What we enjoyed reading this week

Learn to think like an app designer

  • Error 404 : Innovative and Evolutionary Design not found
    What we need to do, is essentially to consciously declutter our heads, let go of “secret design recipes” for Awwward winning web designs ;) We have to keep in mind that when we design for mobile devices, we must first understand the possibilities and limitations that come with each device, and design accordingly. An app design is never final, it will keep constantly evolving and growing, so we need to design to the effect of “I’ve got 99 problems but design ain’t one.” 
    (Pro Tip: basing your design on a smaller screen and gradually moving up the size chart is much better than moving down the size chart)
  • The pen/pencil is mightier than the mouse
    Vague as it sounds, it’s actually truer than any fortune cookie coincidence you may have encountered recently. Putting pen to paper before mouse to Photoshop/Illustrator is a much more time efficient way to approach any kind of design. Even though most of us are used to drawing with pixels, and use Photoshop/Illustrator to breathe life into our designs, realize that it’s waaay less tedious to throw out or tear a piece of paper you made 15-minute rough sketches on, rather than working for 3 hours on a PSD and having to start all over again. 
    #truestory
  • The future is here and now
    With the mobile app market growing leaps and bounds, Designing for Tomorrow is what’s buzzing today. It’s not easy giving users what they want before they ask for it, so we spend time reading and reflecting, wondering how the apps that we’ve become so dependent upon, do it? And sometimes within the span a micro-interaction, it all makes sense. 
    But if it doesn’t, just read the article linked above and you’ll have your “Eureka!” moment.

To design is to do what exactly?

  • To Design is to plan, problem-solve
    When you make plans with a specific purpose that lead to a specific outcome, the process involves solving problems along the way, as well as solving problems as a desired end goal i.e. the outcome. Problem solving, then is at the heart of design, but is that all that it is? All this “problem-solving at the heart of design” sounds great in theory, making us designers feel like superheroes that will change the world, one design at a time; but how often do things really stick to the plan? 
    Design then, needs to mean more than just planning and solving problems.
  • To Design is to make decisions 
    When you design, you make a series of purposeful objective decisions, based on a predefined plan, with the knowledge that in the end, all the decisions are subjective. Decisions that encapsulate the core, the essence of what it is you’re trying to achieve, knowing full well that the outcome may go one way or another. Designing something means making decisions that can evolve with your goals, adapt to your changing needs, and flow in any direction you need them to. But then again, where is the creativity? Where is the art and craft of it all? Where is the glamour and software preferences?
  • To Design is to make the most of what you’ve got, at all times.
    When we take away the creative thinking, the software options, the various tools available to achieve the same outcome, the titles, and stereotypes, we’re left with a process. A process that is built to address a need, marked by decisions which will define the direction of the process, using any and all resources available to successfully achieve its completion. So as designers, we’re no different from anybody else, we get the job done the same way as you do, it’s just that our process essentials like tools and platforms are perceived to be much cooler than everyone else. #justsaying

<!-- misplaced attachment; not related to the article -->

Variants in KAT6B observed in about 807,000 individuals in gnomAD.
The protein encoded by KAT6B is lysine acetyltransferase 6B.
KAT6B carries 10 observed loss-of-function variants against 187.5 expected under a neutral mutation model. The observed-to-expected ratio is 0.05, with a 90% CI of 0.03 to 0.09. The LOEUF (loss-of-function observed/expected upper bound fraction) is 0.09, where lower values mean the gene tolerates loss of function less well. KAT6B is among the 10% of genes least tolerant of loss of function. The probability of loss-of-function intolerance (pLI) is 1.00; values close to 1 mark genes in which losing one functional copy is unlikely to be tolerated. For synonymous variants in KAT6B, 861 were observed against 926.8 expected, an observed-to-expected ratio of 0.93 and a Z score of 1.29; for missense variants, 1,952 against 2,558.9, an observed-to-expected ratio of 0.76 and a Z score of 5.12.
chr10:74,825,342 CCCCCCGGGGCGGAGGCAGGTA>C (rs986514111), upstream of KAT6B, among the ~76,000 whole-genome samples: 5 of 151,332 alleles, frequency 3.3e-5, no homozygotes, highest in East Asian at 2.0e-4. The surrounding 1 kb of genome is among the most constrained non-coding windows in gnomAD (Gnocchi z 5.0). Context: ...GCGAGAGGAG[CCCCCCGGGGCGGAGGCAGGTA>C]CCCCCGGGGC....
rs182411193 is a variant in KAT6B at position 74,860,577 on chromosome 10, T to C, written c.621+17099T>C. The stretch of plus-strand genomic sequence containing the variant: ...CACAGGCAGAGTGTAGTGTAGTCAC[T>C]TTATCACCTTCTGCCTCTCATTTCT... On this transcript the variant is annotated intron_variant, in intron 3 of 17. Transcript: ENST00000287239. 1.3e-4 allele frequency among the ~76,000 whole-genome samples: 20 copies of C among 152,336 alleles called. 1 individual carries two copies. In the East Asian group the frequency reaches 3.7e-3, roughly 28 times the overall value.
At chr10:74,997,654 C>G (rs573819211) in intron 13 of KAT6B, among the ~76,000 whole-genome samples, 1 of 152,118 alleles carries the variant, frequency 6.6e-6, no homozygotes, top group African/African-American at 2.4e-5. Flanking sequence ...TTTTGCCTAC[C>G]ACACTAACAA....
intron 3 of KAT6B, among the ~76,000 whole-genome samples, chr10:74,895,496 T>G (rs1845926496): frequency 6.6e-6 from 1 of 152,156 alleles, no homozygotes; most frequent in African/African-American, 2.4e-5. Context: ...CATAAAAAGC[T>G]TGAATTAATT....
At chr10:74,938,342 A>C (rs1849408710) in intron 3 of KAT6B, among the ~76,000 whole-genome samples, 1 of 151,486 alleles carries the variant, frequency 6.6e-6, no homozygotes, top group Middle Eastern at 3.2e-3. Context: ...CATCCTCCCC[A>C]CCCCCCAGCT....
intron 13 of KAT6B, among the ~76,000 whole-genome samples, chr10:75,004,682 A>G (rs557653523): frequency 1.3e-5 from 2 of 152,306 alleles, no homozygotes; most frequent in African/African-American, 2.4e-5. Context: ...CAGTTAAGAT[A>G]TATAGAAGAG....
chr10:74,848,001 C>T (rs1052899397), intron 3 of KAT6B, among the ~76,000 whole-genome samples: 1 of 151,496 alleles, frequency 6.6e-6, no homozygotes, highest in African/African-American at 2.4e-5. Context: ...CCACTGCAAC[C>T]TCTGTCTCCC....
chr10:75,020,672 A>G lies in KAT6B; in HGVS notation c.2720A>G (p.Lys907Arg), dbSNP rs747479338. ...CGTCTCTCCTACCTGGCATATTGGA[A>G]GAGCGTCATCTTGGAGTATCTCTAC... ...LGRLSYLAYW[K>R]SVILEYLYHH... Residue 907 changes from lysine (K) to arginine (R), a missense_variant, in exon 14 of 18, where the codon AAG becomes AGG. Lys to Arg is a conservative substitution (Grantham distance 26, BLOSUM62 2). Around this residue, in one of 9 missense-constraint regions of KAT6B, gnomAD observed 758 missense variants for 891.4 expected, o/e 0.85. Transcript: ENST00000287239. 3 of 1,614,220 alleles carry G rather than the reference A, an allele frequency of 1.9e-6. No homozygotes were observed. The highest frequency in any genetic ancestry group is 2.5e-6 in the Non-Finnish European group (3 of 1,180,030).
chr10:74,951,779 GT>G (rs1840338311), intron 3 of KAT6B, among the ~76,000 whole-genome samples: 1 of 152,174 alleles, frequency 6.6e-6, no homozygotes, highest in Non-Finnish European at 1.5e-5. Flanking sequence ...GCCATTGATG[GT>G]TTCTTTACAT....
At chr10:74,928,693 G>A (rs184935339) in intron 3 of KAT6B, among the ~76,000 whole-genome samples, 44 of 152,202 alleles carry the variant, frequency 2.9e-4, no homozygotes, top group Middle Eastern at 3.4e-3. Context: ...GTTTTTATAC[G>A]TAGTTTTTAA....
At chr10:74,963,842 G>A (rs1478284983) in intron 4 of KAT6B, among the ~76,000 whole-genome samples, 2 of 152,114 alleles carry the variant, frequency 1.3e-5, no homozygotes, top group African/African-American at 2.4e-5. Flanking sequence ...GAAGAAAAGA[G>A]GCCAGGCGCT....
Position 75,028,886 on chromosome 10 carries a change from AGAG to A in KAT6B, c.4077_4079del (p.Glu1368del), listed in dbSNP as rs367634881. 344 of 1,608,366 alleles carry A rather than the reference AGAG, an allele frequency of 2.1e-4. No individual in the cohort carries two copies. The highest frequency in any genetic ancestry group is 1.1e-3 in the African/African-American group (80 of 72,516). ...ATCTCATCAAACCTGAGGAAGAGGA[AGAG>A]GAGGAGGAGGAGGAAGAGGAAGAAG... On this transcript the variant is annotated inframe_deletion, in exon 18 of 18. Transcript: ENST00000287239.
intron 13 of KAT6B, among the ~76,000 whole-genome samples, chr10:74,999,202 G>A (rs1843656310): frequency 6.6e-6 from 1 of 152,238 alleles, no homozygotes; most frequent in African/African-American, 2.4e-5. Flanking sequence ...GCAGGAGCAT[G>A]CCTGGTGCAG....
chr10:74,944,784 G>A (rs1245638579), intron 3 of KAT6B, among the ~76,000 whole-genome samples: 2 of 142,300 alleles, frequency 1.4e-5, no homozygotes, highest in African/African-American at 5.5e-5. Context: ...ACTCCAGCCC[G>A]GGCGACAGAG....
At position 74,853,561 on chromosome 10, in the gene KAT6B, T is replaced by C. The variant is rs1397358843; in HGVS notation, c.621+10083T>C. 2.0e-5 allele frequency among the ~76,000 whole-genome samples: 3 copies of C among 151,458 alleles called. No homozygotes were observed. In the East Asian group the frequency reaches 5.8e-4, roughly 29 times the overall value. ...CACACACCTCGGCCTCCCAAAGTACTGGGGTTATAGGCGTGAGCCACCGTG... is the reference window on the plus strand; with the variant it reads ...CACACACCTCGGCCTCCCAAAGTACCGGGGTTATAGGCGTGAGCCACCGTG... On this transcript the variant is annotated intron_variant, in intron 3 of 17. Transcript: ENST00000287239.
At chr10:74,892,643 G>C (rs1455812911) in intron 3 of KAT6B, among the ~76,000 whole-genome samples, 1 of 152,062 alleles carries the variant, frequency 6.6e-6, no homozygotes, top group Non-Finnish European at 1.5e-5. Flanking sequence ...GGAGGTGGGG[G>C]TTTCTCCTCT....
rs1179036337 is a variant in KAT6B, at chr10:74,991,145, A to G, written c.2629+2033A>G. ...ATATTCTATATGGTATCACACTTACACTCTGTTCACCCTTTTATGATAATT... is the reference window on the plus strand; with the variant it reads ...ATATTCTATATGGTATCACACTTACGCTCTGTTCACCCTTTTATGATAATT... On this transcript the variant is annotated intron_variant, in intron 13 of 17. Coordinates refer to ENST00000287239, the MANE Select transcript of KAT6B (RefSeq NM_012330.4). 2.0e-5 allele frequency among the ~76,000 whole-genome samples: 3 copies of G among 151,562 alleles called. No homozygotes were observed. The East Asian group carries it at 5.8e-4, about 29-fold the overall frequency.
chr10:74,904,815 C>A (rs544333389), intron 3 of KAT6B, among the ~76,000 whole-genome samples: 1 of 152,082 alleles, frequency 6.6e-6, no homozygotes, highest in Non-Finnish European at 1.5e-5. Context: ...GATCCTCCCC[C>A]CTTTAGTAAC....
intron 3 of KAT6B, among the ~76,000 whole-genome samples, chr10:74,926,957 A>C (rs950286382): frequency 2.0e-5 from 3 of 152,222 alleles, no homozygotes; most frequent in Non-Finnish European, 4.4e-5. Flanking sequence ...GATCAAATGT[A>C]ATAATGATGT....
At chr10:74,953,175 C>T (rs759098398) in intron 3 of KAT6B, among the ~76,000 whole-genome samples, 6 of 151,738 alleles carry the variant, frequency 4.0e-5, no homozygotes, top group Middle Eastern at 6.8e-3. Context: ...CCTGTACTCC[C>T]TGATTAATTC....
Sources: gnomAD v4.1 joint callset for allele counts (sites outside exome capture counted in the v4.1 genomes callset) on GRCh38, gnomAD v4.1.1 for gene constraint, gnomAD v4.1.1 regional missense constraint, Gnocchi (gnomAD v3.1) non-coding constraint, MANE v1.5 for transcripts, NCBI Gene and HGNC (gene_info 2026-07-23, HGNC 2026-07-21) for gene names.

“Keep it simple” — the gaping void that all designers fall into, few get out of

  • “Less is More” Words we’ve all heard before
    So how do we do this “less is more” thing? Blindly hack away at elements that occupy screen space but we don’t really understand the purpose of? (decorative elements, I’m looking at you, specifically) God No. 
    When we say simplify we mean thoughtfully and purposefully reduce, like a gravy or a sauce, you want it to be the right consistency and with the right flavour balance. Naturally first you add all the elements, and then reduce, and then reduce some more, and then some more until it simmers down to the deliciousness your taste buds crave. Keeping it simple is not simply adding more white space, it means intentionally letting go of elements that don’t really do much for the design or are the least significant elements of the design.
  • To keep it simple is to “keep it real” 
    Young people of the day are emphasizing on ‘keeping it real’ in their personal lives, by eliminating all the drama, and fake pretenses. That’s all that simplicity is asking of you. Keep it real — uphold the core, the essence, the primary reason for the design, and let everything else fade away into the void that is clutter and flashy, basically #designhell.
  • ‘John Maeda’s 10 Laws of Simplicity’ is a bible that will lead us into the light, white space. 
    Simplicity is a hard thing to accomplish with questions like — is this really necessary? Which have no real answers and seem like a fun game until an important element gets thrown out. But luckily John Maeda, knew this problem and came up with 10 rules to lead us into the holy grail that is white space.
  • Where are the rules you ask? Well read the article and you’ll find out!
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